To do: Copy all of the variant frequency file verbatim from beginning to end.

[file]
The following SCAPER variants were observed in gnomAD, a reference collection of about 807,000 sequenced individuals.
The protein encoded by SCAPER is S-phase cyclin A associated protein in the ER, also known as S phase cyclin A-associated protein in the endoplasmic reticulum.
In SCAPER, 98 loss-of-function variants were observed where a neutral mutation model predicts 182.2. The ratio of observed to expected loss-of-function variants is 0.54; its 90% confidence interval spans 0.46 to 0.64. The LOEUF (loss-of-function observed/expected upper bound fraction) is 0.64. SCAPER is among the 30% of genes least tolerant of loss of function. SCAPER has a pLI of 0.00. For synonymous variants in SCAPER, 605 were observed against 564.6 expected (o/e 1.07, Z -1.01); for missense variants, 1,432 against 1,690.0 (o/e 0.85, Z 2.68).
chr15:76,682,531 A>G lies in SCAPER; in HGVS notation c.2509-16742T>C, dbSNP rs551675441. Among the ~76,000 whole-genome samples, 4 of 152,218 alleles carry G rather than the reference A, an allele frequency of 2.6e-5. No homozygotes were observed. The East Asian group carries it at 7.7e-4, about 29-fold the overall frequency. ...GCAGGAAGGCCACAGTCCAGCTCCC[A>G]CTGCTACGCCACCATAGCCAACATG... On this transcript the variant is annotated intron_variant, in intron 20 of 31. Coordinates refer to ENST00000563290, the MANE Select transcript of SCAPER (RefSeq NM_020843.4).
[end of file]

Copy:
The following SCAPER variants were observed in gnomAD, a reference collection of about 807,000 sequenced individuals.
The protein encoded by SCAPER is S-phase cyclin A associated protein in the ER, also known as S phase cyclin A-associated protein in the endoplasmic reticulum.
In SCAPER, 98 loss-of-function variants were observed where a neutral mutation model predicts 182.2. The ratio of observed to expected loss-of-function variants is 0.54; its 90% confidence interval spans 0.46 to 0.64. The LOEUF (loss-of-function observed/expected upper bound fraction) is 0.64. SCAPER is among the 30% of genes least tolerant of loss of function. SCAPER has a pLI of 0.00. For synonymous variants in SCAPER, 605 were observed against 564.6 expected (o/e 1.07, Z -1.01); for missense variants, 1,432 against 1,690.0 (o/e 0.85, Z 2.68).
chr15:76,682,531 A>G lies in SCAPER; in HGVS notation c.2509-16742T>C, dbSNP rs551675441. Among the ~76,000 whole-genome samples, 4 of 152,218 alleles carry G rather than the reference A, an allele frequency of 2.6e-5. No homozygotes were observed. The East Asian group carries it at 7.7e-4, about 29-fold the overall frequency. ...GCAGGAAGGCCACAGTCCAGCTCCC[A>G]CTGCTACGCCACCATAGCCAACATG... On this transcript the variant is annotated intron_variant, in intron 20 of 31. Coordinates refer to ENST00000563290, the MANE Select transcript of SCAPER (RefSeq NM_020843.4).